Loss of appetite is common with many health conditions. This can lead to dangerously low intakes of adequate nutrients including calories, protein, vitamins and minerals. The mealtime setting is very important for a pleasant eating experience. The following suggestions are helpful tips for creating an ideal mealtime environment and boosting calories and protein.
Here are some helpful mealtime tips for those with Dysphagia:
- The first helpful meal time strategy may start with the dishes, cups and utensils used. Keep in mind it might be easier to eat from a bowl than a plate or a cup might be easier than a bowl. Straws are often not allowed for people with dysphagia so ask your health care professionals about straw use. Sometimes, it can be as simple as holding the items in place with a non-skid mat.
- At meals, minimize distractions such as TV, pets, children and phones.
- Sitting upright with feet on the floor helps with breathing and feeding oneself.
- Make sure a person’s head does not fall back or sideways. Use pillows to prop the head in place, if necessary.
- Remaining upright for 30-45 minutes after meals helps the food move into the stomach and minimizes regurgitation (burping).
- Allow plenty of time to eat. To minimize aspiration or choking take small bites and no talking while chewing. Make sure one swallow is completed before the next bite.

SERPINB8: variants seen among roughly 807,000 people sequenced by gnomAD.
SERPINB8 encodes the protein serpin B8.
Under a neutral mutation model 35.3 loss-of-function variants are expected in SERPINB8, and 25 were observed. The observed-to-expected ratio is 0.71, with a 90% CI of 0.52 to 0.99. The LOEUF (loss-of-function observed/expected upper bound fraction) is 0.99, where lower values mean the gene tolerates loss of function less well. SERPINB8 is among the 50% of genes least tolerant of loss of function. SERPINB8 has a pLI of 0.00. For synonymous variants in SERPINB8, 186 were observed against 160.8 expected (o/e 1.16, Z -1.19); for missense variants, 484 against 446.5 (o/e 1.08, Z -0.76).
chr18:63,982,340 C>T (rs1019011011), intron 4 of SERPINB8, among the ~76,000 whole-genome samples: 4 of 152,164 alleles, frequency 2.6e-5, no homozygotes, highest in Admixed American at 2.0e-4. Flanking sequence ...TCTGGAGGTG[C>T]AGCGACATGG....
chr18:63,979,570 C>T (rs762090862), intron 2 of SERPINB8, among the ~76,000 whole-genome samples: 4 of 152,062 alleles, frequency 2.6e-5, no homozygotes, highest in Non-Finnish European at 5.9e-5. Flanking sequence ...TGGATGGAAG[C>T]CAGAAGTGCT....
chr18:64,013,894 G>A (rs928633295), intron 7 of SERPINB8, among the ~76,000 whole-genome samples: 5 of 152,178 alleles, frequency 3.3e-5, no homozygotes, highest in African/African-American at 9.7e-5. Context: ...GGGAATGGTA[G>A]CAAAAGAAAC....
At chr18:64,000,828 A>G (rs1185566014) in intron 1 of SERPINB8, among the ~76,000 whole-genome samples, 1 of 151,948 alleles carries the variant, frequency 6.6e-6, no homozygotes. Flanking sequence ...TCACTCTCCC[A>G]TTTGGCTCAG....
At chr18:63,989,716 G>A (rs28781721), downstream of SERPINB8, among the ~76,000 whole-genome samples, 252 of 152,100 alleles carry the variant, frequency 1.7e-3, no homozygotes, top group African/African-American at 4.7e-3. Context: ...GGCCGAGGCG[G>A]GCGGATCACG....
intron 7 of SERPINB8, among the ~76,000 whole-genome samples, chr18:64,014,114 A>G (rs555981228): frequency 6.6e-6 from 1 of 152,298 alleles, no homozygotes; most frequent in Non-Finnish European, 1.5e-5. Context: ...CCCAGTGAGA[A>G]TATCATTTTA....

- Clear the throat with a gentle cough and alternate sips of liquid with solids to moisten the mouth and clear out food particles.
- If completing the meal in one sitting is too hard, take a break. Smaller meals eaten more frequently may be a better option.
- Involve the person with dysphagia in food preparation. Smelling food stimulates saliva and primes the person for the meal.
Here are some tips to help add calories and protein to a meal:
*Please keep in mind that the following food items and suggestions may need to be altered (i.e. food thickener, pureed, slurry, etc.) depending on the prescribed dysphagia diet level and may not be suitable for every medical condition. Consult your health care provider if you have any questions.
- Try to avoid serving “empty calorie” foods such as coffee, soda pop, candy, cookies and gelatin. These can spoil the appetite. Make every bite count!
- For Extra Protein, Eat More: Eggs, Milk, Lean Meats, Cheese, Peanut Butter / Nut Butter
- Add 1-2 Tablespoons of Nonfat Dry Milk to: Muffins, Cream Soups, Casseroles, Meatloaf, Custard, Cooked Cereal, Milk Shakes, Yogurt
- Add Cheese to: Mashed Potatoes, Soups, Casseroles, Sandwiches, Vegetables, Meatloaf
- Add Extra Butter or Margarine to: Rice, Pasta Dishes, Cooked Cereal, Potatoes, Vegetables, Sandwiches
- Spread Peanut Butter or Cream Cheese on: Fruit Slices, Crackers, Muffins, Pancakes, Graham Crackers, Pretzels
- Eat More Often – 2-3 hours after each main meal eat a high calorie/high protein snack
- Supplements– When regular food just isn’t enough your health care professional may recommend that you supplement the food and drinks with additional calories or protein. Click here to find the supplements available.